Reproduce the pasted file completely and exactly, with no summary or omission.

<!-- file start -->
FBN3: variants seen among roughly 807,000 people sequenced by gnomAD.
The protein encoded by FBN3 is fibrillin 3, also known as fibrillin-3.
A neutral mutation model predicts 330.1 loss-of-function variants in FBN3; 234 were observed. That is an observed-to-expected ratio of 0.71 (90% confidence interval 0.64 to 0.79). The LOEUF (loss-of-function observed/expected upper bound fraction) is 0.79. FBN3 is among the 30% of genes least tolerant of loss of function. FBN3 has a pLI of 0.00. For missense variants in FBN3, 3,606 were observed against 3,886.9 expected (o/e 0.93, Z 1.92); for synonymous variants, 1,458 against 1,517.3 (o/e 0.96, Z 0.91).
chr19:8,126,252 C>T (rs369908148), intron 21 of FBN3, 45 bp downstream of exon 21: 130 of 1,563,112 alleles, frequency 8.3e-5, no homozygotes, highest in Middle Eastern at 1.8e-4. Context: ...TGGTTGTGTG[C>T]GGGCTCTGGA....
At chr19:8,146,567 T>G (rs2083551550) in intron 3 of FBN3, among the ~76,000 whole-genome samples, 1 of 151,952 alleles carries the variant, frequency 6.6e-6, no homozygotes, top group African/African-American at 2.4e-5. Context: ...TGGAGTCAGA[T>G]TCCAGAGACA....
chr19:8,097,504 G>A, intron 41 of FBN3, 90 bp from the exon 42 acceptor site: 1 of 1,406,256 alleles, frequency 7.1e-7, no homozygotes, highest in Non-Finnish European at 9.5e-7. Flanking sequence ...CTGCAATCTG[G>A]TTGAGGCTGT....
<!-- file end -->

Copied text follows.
FBN3: variants seen among roughly 807,000 people sequenced by gnomAD.
The protein encoded by FBN3 is fibrillin 3, also known as fibrillin-3.
A neutral mutation model predicts 330.1 loss-of-function variants in FBN3; 234 were observed. That is an observed-to-expected ratio of 0.71 (90% confidence interval 0.64 to 0.79). The LOEUF (loss-of-function observed/expected upper bound fraction) is 0.79. FBN3 is among the 30% of genes least tolerant of loss of function. FBN3 has a pLI of 0.00. For missense variants in FBN3, 3,606 were observed against 3,886.9 expected (o/e 0.93, Z 1.92); for synonymous variants, 1,458 against 1,517.3 (o/e 0.96, Z 0.91).
chr19:8,126,252 C>T (rs369908148), intron 21 of FBN3, 45 bp downstream of exon 21: 130 of 1,563,112 alleles, frequency 8.3e-5, no homozygotes, highest in Middle Eastern at 1.8e-4. Context: ...TGGTTGTGTG[C>T]GGGCTCTGGA....
At chr19:8,146,567 T>G (rs2083551550) in intron 3 of FBN3, among the ~76,000 whole-genome samples, 1 of 151,952 alleles carries the variant, frequency 6.6e-6, no homozygotes, top group African/African-American at 2.4e-5. Context: ...TGGAGTCAGA[T>G]TCCAGAGACA....
chr19:8,097,504 G>A, intron 41 of FBN3, 90 bp from the exon 42 acceptor site: 1 of 1,406,256 alleles, frequency 7.1e-7, no homozygotes, highest in Non-Finnish European at 9.5e-7. Flanking sequence ...CTGCAATCTG[G>A]TTGAGGCTGT....